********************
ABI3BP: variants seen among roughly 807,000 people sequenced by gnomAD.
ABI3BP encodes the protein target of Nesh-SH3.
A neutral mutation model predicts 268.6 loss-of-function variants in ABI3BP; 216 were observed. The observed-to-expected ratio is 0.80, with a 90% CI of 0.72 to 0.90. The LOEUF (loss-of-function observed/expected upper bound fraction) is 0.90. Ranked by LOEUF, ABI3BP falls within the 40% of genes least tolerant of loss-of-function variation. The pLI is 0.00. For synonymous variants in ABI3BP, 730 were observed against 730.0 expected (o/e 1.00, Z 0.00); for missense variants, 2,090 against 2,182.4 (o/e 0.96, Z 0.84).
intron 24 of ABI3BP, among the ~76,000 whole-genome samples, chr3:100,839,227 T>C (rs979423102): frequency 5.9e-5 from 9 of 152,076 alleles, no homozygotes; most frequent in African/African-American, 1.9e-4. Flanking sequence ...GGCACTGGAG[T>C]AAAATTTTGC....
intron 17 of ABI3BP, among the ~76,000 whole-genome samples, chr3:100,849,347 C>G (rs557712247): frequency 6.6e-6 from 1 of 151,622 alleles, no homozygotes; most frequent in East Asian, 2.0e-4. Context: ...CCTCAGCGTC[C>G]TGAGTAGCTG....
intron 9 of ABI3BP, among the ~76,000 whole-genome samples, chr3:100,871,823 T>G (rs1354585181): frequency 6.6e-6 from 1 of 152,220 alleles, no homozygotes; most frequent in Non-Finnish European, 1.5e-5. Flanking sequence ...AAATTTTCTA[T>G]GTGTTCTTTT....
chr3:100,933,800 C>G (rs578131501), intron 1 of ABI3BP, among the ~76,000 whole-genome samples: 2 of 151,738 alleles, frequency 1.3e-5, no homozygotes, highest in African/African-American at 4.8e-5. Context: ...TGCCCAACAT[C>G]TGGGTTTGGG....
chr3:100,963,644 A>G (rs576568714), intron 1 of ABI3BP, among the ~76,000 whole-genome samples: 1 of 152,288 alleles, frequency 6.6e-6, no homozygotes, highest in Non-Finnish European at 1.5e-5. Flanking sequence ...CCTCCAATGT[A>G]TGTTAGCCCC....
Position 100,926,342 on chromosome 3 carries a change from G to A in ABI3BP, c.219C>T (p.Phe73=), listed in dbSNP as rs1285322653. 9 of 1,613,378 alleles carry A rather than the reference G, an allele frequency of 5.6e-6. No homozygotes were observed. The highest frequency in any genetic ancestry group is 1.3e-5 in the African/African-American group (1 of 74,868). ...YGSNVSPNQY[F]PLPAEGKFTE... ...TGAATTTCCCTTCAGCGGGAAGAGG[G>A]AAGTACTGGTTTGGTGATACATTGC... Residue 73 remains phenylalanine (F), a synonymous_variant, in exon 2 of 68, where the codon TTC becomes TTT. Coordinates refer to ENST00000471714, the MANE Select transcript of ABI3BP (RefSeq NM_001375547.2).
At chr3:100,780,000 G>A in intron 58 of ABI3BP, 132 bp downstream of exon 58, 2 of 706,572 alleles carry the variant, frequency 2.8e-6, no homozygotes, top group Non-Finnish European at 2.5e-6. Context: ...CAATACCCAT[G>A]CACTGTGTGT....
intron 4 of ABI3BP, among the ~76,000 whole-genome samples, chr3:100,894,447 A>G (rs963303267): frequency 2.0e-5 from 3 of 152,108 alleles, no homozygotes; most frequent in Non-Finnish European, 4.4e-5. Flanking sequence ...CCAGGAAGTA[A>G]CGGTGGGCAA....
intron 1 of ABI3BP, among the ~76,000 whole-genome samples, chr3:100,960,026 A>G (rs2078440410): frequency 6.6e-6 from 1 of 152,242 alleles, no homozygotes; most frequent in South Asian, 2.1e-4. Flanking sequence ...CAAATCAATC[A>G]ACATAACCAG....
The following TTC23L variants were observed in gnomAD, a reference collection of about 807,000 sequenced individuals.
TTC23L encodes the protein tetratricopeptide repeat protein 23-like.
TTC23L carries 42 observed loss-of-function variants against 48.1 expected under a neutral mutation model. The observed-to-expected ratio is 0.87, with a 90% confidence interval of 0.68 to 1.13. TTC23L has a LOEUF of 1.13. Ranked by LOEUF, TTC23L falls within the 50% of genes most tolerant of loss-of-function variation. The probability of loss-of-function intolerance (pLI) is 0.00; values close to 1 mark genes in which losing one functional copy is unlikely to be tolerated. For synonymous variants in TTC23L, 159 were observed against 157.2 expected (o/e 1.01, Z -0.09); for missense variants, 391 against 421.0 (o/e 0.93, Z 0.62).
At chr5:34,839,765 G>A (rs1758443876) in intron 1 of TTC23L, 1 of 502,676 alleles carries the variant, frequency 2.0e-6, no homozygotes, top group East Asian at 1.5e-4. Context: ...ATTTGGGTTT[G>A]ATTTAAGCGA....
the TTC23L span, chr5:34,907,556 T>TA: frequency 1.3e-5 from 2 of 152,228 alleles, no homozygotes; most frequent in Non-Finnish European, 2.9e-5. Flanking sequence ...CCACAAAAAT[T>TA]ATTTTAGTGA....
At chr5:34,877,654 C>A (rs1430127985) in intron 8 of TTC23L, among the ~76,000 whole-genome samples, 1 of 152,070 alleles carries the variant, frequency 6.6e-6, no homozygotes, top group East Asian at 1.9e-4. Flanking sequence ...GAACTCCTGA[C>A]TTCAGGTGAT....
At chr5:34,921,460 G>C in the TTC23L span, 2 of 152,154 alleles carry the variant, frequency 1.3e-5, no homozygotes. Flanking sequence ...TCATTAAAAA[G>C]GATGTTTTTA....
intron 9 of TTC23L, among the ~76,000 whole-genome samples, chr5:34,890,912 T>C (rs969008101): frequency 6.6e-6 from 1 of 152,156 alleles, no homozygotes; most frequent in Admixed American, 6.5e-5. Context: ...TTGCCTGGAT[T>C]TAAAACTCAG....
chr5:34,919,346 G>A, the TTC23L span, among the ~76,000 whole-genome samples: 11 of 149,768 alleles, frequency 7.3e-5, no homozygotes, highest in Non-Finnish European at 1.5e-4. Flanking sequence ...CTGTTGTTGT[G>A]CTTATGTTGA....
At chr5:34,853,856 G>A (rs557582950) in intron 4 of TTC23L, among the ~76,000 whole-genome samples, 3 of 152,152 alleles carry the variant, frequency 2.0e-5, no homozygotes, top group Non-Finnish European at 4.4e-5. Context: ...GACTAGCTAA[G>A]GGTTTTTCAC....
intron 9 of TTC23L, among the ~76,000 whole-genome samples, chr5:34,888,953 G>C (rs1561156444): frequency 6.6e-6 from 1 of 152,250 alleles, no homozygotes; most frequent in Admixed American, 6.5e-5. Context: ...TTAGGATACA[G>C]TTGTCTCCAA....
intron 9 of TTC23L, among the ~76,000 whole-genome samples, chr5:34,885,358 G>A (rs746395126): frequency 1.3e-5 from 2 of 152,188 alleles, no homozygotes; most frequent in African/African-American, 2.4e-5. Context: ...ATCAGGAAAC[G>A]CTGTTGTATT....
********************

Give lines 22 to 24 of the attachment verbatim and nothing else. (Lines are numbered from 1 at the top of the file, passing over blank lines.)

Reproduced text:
At chr5:34,853,856 G>A (rs557582950) in intron 4 of TTC23L, among the ~76,000 whole-genome samples, 3 of 152,152 alleles carry the variant, frequency 2.0e-5, no homozygotes, top group Non-Finnish European at 4.4e-5. Context: ...GACTAGCTAA[G>A]GGTTTTTCAC....
intron 9 of TTC23L, among the ~76,000 whole-genome samples, chr5:34,888,953 G>C (rs1561156444): frequency 6.6e-6 from 1 of 152,250 alleles, no homozygotes; most frequent in Admixed American, 6.5e-5. Context: ...TTAGGATACA[G>C]TTGTCTCCAA....
intron 9 of TTC23L, among the ~76,000 whole-genome samples, chr5:34,885,358 G>A (rs746395126): frequency 1.3e-5 from 2 of 152,188 alleles, no homozygotes; most frequent in African/African-American, 2.4e-5. Context: ...ATCAGGAAAC[G>A]CTGTTGTATT....